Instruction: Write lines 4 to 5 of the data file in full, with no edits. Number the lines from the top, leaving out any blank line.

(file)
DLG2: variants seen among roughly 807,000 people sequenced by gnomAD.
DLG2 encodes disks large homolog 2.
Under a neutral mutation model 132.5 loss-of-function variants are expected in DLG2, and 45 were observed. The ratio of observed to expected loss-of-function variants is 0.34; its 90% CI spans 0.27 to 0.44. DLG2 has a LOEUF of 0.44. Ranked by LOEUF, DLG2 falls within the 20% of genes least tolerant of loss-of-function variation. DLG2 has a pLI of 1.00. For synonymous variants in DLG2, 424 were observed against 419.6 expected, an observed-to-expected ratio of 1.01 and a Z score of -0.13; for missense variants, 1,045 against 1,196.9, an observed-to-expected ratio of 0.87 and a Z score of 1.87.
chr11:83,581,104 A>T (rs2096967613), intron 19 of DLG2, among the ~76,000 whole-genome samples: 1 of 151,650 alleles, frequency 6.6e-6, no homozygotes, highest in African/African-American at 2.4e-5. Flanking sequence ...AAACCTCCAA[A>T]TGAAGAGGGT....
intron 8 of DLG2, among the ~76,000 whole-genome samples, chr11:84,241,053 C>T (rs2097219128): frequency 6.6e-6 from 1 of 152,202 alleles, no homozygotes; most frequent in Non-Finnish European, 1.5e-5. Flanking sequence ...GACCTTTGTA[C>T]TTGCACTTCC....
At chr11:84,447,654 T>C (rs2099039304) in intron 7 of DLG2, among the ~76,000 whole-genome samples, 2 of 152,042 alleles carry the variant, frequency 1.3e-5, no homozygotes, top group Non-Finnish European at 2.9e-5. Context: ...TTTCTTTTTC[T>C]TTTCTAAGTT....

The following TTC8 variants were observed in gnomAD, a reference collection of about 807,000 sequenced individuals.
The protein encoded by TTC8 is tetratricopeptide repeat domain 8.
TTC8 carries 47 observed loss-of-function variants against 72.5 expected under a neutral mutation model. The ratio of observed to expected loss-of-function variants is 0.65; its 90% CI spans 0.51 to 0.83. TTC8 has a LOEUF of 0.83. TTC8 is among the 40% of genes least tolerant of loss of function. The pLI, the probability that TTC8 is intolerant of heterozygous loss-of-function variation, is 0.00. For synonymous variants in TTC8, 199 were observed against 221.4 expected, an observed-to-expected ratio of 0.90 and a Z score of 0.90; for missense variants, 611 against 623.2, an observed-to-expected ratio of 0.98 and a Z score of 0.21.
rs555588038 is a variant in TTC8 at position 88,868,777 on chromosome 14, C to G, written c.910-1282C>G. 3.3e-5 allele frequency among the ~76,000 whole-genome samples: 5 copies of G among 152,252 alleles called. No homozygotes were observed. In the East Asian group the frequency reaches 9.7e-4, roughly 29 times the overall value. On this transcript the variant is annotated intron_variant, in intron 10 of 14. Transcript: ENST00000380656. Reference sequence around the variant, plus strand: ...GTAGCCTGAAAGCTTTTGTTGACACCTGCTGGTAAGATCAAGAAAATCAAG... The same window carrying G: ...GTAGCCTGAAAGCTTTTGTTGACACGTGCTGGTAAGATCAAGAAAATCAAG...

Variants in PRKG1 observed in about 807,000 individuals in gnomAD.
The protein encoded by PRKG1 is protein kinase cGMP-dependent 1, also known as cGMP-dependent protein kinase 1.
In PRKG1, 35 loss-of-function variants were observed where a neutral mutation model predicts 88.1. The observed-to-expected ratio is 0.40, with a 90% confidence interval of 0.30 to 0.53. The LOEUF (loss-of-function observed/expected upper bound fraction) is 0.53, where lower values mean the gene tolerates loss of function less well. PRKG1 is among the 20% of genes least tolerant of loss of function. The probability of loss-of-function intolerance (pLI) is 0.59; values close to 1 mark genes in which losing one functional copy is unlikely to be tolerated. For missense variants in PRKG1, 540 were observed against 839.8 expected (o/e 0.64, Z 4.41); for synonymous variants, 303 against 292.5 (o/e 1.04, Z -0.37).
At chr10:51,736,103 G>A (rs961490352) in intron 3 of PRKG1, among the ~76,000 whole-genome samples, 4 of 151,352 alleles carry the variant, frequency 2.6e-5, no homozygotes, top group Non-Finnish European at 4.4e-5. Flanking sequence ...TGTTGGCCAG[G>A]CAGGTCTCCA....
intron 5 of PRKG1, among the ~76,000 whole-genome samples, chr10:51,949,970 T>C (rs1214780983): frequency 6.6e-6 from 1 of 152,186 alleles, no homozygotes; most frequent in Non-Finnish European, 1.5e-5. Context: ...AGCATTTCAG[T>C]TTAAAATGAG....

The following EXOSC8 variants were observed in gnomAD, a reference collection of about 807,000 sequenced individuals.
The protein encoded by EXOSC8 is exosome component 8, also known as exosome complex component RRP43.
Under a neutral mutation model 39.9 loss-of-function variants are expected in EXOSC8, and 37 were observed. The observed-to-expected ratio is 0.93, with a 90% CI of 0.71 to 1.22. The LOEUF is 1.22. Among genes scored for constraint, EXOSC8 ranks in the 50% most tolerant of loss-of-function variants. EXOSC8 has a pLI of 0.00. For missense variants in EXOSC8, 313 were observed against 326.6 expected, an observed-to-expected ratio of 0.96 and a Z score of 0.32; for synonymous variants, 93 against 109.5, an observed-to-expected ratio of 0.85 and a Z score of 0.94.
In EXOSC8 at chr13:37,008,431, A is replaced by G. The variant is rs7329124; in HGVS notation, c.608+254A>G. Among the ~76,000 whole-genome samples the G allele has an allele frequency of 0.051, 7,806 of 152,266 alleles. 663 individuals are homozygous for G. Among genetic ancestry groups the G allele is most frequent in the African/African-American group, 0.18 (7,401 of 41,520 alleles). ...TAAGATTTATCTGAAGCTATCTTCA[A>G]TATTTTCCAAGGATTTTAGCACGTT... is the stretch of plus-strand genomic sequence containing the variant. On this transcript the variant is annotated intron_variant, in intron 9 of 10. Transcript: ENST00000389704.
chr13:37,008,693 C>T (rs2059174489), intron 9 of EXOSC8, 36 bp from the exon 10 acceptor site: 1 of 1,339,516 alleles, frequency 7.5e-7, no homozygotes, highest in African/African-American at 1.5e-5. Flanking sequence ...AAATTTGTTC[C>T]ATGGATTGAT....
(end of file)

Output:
chr11:83,581,104 A>T (rs2096967613), intron 19 of DLG2, among the ~76,000 whole-genome samples: 1 of 151,650 alleles, frequency 6.6e-6, no homozygotes, highest in African/African-American at 2.4e-5. Flanking sequence ...AAACCTCCAA[A>T]TGAAGAGGGT....
intron 8 of DLG2, among the ~76,000 whole-genome samples, chr11:84,241,053 C>T (rs2097219128): frequency 6.6e-6 from 1 of 152,202 alleles, no homozygotes; most frequent in Non-Finnish European, 1.5e-5. Flanking sequence ...GACCTTTGTA[C>T]TTGCACTTCC....